Energy Assets, a Scotland-based smart meter specialist, claims the UK leads the world in this field, with the company already looking at a number of opportunities in Australia and the Pacific Rim. With regards to China and the wider Asia market, though, it is waiting on announcements related to the mainland's carbon commitments and subsequent legislation. Its optimism, however, has been fuelled by the news that the mainland is already implementing smart electricity meter technology with its smart meter production set to reach 107.7 million units this year.

When it comes to managing large-scale energy demand, Energy Assets says its Z-LYNK system even 'out-smarts smart meters'. Alan Jones, Energy Assets' Director of Technology and Product Development, said that with the UK's spare energy capacity likely to drop from 14% last year to 2% in the near future – demand management technology would become a priority for many suppliers. 

Photo: Dulevo: dust busting.
Dulevo: dust busting.
Photo: Virtual shredding from Untha.
Virtual shredding from Untha.

Fuelling controversy

Over in the Leaders Arena, one climate change sceptic, Benny Peiser, social anthropologist and director of The Global Warming Policy Foundation, opened a set of back-to-back talks focussing on energy security and carbon emissions. Controversially, Peiser saw no problem with increasing the levels of fossil fuels being burnt.

He said 500 years' worth of European fossil fuel resources cannot be left in the ground at a risk of further decline in the continent's industrial growth.  This was particularly important, he maintained, in the light of the US – and, in the near future, China – prospering by burning their vast domestic shale-gas reserves unhindered by their comparatively relaxed climate change policies.

Predictably, not everyone shared his view. Dieter Helm, Professor of Energy Policy at Oxford's New College and author of The Carbon Crunch, clearly didn't. Addressing the likelihood of human-induced global warming, he said: "Things are going very, very badly due to the expansion of coal burn."

Helm's main concerns, however, regarded Europe's energy security and spiking energy prices as the supply and demand margin edged ever closer together. Helm argued that, in the case of the UK at least, there is an energy policy that is gambling on the future high price of fossil fuels and even on future weather conditions being ideal for cheaper, solar and wind energy generation solutions. Contrary to this, Helm said, prices are not rising, with fossil fuels set become more abundant and, as a result, cheaper. All of this, he maintained, was bad news for the development of current and future renewable technologies in Europe, as well as for the global climate.

The Rt. Hon. Ed Davey MP, the UK's Secretary of State for Energy and Climate Change, took a less controversial stance on energy efficiency. Championing greater consumer awareness, Davey said, "At least 200 tw hours, saved from energy efficiency in the UK alone, could be tapped into by 2020 – that's the equivalent of the output of 22 medium power plants".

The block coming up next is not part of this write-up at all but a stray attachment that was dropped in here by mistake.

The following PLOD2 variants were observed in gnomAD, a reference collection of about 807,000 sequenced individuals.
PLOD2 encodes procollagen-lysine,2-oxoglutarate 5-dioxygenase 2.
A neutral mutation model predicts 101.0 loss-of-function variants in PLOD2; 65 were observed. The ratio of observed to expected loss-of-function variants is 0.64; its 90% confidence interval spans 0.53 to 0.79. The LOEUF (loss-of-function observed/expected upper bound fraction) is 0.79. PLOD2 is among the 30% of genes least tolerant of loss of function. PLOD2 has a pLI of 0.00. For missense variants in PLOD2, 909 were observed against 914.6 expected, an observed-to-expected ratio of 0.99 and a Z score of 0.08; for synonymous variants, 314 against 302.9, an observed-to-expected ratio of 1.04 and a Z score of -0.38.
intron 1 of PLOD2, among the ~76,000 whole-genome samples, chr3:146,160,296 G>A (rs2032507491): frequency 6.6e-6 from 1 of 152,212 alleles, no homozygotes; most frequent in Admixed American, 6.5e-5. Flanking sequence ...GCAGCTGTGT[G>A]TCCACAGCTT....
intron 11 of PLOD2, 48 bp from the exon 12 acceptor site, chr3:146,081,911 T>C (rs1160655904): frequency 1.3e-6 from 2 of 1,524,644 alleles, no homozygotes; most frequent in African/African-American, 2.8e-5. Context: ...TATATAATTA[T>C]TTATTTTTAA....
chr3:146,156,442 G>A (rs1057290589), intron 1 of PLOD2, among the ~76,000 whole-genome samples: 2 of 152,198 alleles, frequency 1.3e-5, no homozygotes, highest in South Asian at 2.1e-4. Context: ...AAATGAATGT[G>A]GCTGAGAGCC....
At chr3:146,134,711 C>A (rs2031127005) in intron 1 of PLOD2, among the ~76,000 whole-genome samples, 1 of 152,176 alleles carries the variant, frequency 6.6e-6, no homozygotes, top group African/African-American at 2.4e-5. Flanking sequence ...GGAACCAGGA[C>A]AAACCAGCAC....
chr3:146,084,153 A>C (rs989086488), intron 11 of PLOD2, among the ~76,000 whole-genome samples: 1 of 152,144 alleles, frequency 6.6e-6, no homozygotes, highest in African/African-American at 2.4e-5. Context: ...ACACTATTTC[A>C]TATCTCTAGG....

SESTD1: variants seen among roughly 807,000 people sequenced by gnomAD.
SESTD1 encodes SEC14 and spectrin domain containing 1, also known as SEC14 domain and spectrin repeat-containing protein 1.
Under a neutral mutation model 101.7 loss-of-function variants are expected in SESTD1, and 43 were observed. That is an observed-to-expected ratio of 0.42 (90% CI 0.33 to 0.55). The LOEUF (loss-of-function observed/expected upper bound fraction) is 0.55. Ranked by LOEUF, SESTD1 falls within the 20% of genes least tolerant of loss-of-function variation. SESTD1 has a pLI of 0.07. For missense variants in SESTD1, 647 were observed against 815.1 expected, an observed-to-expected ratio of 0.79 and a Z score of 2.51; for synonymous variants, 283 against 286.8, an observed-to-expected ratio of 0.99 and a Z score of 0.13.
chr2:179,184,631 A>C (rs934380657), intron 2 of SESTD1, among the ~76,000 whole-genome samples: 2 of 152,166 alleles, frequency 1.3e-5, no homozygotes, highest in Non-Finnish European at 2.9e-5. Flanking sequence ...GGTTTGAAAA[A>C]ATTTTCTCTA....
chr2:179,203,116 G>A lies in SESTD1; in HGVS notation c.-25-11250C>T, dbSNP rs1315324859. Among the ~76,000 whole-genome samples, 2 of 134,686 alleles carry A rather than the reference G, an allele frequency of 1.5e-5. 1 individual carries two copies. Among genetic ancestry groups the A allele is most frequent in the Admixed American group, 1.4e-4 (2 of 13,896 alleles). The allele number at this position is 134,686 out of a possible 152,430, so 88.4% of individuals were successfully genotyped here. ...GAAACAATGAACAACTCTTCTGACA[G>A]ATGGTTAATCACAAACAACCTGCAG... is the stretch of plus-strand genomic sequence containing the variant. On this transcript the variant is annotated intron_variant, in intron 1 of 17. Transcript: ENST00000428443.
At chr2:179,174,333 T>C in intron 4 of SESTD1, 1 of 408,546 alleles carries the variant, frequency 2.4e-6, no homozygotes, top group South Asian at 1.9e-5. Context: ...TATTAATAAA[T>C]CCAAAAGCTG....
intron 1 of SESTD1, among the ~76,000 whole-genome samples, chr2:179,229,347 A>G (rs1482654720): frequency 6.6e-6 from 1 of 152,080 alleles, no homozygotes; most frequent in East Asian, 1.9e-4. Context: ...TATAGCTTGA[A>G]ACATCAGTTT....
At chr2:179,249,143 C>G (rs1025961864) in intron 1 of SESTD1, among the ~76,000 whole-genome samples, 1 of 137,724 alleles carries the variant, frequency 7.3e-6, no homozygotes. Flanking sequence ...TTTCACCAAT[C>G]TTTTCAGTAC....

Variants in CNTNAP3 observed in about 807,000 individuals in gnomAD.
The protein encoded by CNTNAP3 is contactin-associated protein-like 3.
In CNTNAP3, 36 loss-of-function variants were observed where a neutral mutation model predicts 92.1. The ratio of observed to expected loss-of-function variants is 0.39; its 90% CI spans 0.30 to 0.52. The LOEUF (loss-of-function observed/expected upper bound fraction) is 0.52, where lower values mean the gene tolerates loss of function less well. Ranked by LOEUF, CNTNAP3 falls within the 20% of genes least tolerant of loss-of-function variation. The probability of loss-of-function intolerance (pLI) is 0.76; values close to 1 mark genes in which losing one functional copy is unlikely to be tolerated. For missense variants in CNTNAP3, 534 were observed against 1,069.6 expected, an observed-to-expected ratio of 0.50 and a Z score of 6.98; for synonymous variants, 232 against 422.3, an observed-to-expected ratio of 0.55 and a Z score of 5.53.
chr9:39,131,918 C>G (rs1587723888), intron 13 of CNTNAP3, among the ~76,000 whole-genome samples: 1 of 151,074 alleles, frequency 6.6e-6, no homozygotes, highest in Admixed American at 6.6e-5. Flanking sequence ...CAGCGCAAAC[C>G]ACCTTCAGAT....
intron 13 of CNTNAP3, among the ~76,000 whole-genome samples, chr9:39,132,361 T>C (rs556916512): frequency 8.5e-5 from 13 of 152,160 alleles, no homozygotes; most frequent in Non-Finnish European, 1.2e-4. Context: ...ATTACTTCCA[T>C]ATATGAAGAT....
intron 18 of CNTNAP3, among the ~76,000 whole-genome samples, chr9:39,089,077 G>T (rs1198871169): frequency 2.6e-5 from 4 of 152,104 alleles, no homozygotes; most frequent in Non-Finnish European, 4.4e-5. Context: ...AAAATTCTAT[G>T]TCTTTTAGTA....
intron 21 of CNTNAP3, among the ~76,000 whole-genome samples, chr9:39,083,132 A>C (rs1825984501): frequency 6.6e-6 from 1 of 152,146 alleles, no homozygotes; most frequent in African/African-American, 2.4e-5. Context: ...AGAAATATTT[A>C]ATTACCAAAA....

Davey also announced that the UK government had launched a new energy efficiency policy. This will see the lifetime running costs of white goods listed on their labels, allowing consumers to understand exactly how much money they could save in energy costs by opting for different appliances.

Shredded evidence

On the show floor, at least one company was keen to prove its green credentials through its exhibition policy. Rather than shipping its 28 tonne Waste to Energy (WTE) XR pre-shredder to Birmingham, Untha, a German industrial equipment manufacturer, opted to showcase its massive machine through the use of augmented reality techniques.

This allowed interested buyers to closely and safely inspect the system's mighty cutters while at the same time allowing the company to reduce its freighting carbon footprint. The fact that it probably saved some money, too, was surely incidental.

Across the way, Nippon Steel and Sumikin Engineering showcased its gasification and melting technology – the Direct Melting System (DMS) – using more conventional techniques. As with China's Circulating Fluidised Bed (CFB) reactors, now an increasingly popular alternative to landfills, the DMS capitalises on its ability to recover indigenous energy.

A number of solutions to other environmental issues troubling the increasingly green-conscious mainland were also at hand. With NOx and dioxin emissions from municipal waste burning contributing to China's tropospheric NO2 problems, W. L. Gore, the Newark-based technology company, saw itself offering one particular answer.

Gore, previously best-known for the Gore-Tex rainproof clothing range, is now offering a series of solutions aimed at combatting acid rain through its newly introduced DeNox Filter technology. In essence, this is a catalytically active textile filter that prevents the finest particulate matter – NOx and dioxin compounds – from entering the atmosphere.

In comparison with other state-of-the-art technologies, such as Selective Non-Catalytic Reduction (SNCR) and Selective Catalytic Reduction (tail end mode) (SCR), the DeNox system is said to deliver higher NOx reduction efficiency. Gore says its filter system also lowers operational costs, when compared to SNCR. While demonstrating a similar high-end performance to SCR techniques, it benefits from both lower capital investment and lower operational costs.

One Italian company, Dulevo, chose the event to showcase another system that just might boost the quality of living in some of the mainland's murkier metropolises. The company's filter system ensures that any disturbed fine dust that is drawn into its mechanised street sweepers is not then pumped back out of the sweeper's system and into the faces of passers-by, thus reducing the chances of any subsequent respiratory problems.

Based on this year's RWM, it would seem that waste management and the associated resource efficiency issues remain both global priorities and lucrative business sectors, representing a rare combination of social responsibility and potential profit.

Photo: RWM 2013: Tidy profits from saving the world.
RWM 2013: Tidy profits from saving the world.

The 2013 Resource Efficiency and Waste Management Solutions (RWM) was held at Birmingham's NEC from 10-12 September. The event attracted 750 exhibitors and 14,000 attendees.

Steve Daniels, Special Correspondent, Flint

Eco Expo Asia, Hong Kong's own International Environmental Protection Trade Fair, takes place between 28-31 October this year. To see the highlights of last year's event, please click on the video below:

Content provided by Picture: HKTDC Research